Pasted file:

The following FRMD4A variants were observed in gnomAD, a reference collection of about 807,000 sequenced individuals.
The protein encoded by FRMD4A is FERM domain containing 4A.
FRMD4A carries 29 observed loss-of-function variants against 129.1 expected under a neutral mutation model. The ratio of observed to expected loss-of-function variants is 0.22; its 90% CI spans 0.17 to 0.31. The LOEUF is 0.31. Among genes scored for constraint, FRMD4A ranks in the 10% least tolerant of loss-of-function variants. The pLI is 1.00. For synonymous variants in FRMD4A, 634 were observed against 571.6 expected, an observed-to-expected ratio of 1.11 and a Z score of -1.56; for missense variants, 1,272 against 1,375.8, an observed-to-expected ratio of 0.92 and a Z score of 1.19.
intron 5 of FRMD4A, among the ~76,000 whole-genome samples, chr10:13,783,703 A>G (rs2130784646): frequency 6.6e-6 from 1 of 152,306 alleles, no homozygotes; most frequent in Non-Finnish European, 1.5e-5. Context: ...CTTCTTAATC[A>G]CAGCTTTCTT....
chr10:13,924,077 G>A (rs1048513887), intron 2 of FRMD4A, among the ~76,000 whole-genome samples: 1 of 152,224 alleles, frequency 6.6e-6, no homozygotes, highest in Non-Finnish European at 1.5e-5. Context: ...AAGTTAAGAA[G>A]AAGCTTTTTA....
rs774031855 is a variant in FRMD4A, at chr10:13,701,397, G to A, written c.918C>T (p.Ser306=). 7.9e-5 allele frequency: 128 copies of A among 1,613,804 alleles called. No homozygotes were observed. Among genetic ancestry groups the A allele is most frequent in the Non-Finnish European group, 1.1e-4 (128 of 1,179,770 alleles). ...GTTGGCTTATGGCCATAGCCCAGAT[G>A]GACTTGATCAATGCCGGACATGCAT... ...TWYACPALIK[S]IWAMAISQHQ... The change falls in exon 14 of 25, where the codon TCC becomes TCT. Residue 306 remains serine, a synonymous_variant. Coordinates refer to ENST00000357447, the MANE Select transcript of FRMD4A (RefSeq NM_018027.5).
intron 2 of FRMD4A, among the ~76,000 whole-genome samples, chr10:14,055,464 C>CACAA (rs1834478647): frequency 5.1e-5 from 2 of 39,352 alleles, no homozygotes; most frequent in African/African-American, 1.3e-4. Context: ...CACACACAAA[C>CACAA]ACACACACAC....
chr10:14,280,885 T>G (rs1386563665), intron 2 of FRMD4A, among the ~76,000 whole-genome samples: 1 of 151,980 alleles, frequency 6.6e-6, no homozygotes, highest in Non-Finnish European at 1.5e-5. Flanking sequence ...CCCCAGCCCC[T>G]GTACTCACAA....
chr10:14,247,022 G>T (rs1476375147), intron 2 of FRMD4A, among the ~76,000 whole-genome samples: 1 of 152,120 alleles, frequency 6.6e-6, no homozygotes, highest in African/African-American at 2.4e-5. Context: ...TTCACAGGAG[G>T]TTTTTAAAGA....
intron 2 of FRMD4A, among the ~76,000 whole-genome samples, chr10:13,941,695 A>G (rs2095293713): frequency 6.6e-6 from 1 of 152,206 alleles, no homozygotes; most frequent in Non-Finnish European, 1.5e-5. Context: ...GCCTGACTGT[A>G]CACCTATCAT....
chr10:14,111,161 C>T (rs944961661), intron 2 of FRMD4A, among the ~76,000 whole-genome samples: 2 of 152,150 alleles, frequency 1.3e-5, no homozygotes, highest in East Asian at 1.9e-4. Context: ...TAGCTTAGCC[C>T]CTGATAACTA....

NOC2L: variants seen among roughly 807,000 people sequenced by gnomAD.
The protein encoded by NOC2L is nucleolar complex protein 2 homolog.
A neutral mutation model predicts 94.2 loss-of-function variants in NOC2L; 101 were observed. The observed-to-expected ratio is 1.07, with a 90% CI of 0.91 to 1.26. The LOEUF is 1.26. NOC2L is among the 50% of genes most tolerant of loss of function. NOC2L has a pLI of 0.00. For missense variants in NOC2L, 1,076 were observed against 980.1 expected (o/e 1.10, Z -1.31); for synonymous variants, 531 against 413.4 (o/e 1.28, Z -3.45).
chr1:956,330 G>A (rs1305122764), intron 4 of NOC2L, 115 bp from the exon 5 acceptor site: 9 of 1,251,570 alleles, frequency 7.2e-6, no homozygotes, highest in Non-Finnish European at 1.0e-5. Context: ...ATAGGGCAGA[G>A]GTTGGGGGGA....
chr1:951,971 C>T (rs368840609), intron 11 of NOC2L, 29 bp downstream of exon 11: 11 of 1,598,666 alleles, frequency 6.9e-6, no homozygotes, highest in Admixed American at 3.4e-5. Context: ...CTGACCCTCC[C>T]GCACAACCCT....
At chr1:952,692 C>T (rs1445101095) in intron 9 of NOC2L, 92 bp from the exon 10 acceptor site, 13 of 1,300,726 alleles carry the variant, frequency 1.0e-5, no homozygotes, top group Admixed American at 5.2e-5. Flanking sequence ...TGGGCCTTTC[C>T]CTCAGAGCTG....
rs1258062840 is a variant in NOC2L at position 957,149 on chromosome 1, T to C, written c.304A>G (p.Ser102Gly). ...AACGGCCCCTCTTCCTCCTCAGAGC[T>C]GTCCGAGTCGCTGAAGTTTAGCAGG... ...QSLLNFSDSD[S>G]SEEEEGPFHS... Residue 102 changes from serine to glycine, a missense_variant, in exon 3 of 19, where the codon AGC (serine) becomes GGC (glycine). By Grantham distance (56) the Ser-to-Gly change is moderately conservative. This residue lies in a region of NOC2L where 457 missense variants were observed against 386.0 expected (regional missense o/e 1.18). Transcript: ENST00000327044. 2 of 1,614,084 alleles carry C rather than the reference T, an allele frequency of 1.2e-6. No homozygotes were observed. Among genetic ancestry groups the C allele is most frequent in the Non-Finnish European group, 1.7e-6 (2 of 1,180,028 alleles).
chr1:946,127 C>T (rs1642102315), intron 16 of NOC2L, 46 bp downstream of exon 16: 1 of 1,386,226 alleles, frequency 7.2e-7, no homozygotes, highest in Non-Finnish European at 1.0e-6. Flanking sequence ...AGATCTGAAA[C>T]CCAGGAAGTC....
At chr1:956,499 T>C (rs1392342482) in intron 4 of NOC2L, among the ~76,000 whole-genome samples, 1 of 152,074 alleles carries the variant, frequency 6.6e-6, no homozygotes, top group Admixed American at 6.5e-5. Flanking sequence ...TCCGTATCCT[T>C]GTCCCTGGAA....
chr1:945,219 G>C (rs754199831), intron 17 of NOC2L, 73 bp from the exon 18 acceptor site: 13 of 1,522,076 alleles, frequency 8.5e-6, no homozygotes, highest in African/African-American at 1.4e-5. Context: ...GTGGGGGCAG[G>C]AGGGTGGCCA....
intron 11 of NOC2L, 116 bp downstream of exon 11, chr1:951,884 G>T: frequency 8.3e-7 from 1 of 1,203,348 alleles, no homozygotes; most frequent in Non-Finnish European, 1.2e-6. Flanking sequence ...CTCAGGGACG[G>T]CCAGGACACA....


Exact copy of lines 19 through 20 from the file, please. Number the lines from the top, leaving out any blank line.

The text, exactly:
chr1:946,127 C>T (rs1642102315), intron 16 of NOC2L, 46 bp downstream of exon 16: 1 of 1,386,226 alleles, frequency 7.2e-7, no homozygotes, highest in Non-Finnish European at 1.0e-6. Flanking sequence ...AGATCTGAAA[C>T]CCAGGAAGTC....
At chr1:956,499 T>C (rs1392342482) in intron 4 of NOC2L, among the ~76,000 whole-genome samples, 1 of 152,074 alleles carries the variant, frequency 6.6e-6, no homozygotes, top group Admixed American at 6.5e-5. Flanking sequence ...TCCGTATCCT[T>C]GTCCCTGGAA....